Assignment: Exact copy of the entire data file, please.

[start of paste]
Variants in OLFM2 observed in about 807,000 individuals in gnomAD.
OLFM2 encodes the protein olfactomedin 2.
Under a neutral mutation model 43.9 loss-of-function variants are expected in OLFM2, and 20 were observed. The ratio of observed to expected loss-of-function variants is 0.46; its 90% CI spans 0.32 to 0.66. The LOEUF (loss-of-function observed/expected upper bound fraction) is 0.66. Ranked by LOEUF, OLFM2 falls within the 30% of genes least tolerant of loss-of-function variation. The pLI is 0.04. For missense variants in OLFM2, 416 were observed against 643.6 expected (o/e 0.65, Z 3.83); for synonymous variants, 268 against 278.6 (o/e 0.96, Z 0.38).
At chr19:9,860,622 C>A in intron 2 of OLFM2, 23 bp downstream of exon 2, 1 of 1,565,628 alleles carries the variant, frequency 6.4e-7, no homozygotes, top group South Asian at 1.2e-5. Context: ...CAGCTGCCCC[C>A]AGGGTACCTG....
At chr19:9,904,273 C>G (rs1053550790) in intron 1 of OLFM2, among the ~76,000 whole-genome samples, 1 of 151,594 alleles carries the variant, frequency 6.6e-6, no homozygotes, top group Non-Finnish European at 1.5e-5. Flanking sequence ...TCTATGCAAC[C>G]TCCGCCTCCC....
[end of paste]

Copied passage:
Variants in OLFM2 observed in about 807,000 individuals in gnomAD.
OLFM2 encodes the protein olfactomedin 2.
Under a neutral mutation model 43.9 loss-of-function variants are expected in OLFM2, and 20 were observed. The ratio of observed to expected loss-of-function variants is 0.46; its 90% CI spans 0.32 to 0.66. The LOEUF (loss-of-function observed/expected upper bound fraction) is 0.66. Ranked by LOEUF, OLFM2 falls within the 30% of genes least tolerant of loss-of-function variation. The pLI is 0.04. For missense variants in OLFM2, 416 were observed against 643.6 expected (o/e 0.65, Z 3.83); for synonymous variants, 268 against 278.6 (o/e 0.96, Z 0.38).
At chr19:9,860,622 C>A in intron 2 of OLFM2, 23 bp downstream of exon 2, 1 of 1,565,628 alleles carries the variant, frequency 6.4e-7, no homozygotes, top group South Asian at 1.2e-5. Context: ...CAGCTGCCCC[C>A]AGGGTACCTG....
At chr19:9,904,273 C>G (rs1053550790) in intron 1 of OLFM2, among the ~76,000 whole-genome samples, 1 of 151,594 alleles carries the variant, frequency 6.6e-6, no homozygotes, top group Non-Finnish European at 1.5e-5. Flanking sequence ...TCTATGCAAC[C>G]TCCGCCTCCC....